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Rev Bev Receives Award from Penn Women of Color

The Women of Color at Penn hosted their annual event and honored four women who had contributed to the the community. One of those awardees was the Rev Dr Dale. The purpose of this annual event now celebrating its 24th year, is to celebrate the many accomplishments of women of color both at the university and in the community. However for the first time ever they awarded a white woman. "I am indeed truly humbled as the 'woman of no color' to be awarded this honor by 'women of color.' " she said to the laughter of the audience. Then because they had limited each honoree only one minute to respond, a fact that Dr Dale noted was next to impossible for a preacher, she reminded them of a role model in scripture, the Unnamed Woman in the Song of Songs. Reminding the audience of nearly 500 men and women that this was a woman who said she was black and she was beautiful, 'when I perform this character in my workshops she always ends by singing this chorus that I would like to sing for you. Rev Bev then surprised the audience by singing, "When we believe that we are beautiful, then we know that love is possible. Our hearts will open for love comes from within.'

While at Penn Dr. Dale served on the Advisory Boards of the African American Resource Center, the Penn Women's Center, and the LGBT Center during her 21 years of ministry at the university.

Although war tends to impact first and foremost communities of color Dr Dale heard only the exhaustion of fighting oppression on a variety of fronts from her African American friends in 2001. As a result she called Sue Harte, the Associate Director of the Newman Center and the Director of the Civic House to organize the university community. The result of their brainstorming was the organization of the "Penn Faculty and Staff Against the War on Ira." As an active member of the steering committee, Dr Dale helped this group organize a wide variety of university responses. This organization inspired the Penn students to organize themselves using a similar model.Part of this work was to note the impact of war on communities of color as well as the religious prejudice.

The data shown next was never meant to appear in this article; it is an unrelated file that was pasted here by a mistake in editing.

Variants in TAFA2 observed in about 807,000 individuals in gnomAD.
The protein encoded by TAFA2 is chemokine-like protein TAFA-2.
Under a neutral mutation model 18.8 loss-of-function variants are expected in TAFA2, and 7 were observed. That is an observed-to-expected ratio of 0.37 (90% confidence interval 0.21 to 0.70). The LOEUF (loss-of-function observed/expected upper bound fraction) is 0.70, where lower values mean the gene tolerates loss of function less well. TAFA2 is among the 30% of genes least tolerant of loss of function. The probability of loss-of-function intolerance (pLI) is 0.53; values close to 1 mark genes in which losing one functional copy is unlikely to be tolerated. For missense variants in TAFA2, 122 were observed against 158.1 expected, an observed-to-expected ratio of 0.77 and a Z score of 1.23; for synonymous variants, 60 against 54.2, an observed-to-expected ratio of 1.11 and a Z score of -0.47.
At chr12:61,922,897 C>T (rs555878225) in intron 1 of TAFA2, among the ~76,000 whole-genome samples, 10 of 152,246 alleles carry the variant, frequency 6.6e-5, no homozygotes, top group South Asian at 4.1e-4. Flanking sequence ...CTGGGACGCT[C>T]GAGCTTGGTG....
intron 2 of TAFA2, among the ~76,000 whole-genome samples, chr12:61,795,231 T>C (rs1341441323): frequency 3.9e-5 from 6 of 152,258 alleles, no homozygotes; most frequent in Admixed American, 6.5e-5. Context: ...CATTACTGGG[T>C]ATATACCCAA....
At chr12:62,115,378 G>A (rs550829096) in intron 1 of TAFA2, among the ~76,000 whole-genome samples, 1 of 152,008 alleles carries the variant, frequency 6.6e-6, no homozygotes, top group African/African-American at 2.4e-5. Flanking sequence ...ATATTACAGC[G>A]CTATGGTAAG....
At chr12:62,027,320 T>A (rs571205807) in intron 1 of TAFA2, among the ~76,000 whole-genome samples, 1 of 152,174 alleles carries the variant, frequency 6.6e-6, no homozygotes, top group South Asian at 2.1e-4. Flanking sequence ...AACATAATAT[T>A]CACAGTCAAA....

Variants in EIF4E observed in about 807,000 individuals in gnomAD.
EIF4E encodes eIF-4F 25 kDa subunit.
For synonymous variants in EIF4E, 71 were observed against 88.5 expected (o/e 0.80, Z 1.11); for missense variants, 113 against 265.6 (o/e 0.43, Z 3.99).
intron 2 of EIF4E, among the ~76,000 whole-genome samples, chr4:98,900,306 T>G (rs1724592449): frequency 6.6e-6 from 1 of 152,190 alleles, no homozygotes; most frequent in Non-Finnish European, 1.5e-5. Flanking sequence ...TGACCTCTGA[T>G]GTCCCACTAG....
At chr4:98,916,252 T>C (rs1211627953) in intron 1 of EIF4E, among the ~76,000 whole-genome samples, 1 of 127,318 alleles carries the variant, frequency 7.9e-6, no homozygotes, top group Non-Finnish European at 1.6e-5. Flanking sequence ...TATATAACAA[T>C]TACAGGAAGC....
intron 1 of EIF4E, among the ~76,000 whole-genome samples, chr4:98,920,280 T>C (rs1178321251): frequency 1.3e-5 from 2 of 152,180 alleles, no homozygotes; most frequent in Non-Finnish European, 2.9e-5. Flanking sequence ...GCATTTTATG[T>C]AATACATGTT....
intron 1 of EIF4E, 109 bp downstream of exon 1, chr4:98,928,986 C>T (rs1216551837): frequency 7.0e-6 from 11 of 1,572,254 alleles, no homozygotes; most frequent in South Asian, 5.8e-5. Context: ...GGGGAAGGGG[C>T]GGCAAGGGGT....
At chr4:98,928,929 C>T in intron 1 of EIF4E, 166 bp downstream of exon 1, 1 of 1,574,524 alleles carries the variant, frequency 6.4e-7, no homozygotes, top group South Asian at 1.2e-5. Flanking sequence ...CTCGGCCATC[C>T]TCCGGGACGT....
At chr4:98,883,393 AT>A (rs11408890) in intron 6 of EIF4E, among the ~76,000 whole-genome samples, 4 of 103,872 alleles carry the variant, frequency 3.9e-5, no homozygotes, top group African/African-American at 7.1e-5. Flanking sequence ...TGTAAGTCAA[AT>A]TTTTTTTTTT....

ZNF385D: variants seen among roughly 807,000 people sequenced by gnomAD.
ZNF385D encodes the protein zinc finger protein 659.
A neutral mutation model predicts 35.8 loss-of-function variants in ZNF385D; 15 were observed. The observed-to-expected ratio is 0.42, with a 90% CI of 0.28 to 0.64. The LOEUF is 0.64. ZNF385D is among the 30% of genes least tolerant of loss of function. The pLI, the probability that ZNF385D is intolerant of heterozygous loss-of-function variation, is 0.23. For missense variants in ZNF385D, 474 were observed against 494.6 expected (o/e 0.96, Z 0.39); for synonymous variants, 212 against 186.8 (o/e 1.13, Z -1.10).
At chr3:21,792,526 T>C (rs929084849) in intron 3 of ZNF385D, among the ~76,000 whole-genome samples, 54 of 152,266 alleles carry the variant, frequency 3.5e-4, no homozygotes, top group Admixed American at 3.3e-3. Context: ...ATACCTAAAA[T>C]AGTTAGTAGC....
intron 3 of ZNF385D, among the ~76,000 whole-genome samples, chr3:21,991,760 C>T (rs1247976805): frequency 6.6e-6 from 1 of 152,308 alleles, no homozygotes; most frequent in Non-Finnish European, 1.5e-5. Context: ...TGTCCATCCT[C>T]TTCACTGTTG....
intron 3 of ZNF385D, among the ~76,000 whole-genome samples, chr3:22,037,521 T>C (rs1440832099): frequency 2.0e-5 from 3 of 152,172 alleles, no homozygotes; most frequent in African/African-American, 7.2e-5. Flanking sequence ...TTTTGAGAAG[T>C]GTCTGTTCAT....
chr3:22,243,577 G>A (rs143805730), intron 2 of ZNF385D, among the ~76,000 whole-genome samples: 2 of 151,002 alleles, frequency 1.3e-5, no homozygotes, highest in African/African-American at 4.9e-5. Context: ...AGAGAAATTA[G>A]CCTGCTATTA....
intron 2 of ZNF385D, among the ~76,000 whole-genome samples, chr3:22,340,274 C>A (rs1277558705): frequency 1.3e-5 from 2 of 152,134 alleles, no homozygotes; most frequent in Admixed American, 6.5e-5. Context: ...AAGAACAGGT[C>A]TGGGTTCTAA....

In addition Dr. Dale expressed her concerns for the Penn security force who were contracted through Allied Barton who were mostly racial minorities with a significant number of single women of color. By documenting their concerns, mobilizing and educating the faith communities on and around campus, she helped to instigate productive talks with University personnel. This action was the impetus for a long investigation of the negative labor practices of the Allied Barton. The University showed its commitment to improving the situation.

Dr Dale's long time advocacy for sexual justice, for women especially, is well known in the Penn community. She hosted multi-generational and multi-racial discussions with women in programs such as "The Erotic Power of Women" and "Being Moral and Sexual Women" and attracted women from the LGBT, African American and other communities of women in enlightening and lively conversations. She created a number of unusual opportunities to dialogue about similar and different experiences of sexual and gender justice.





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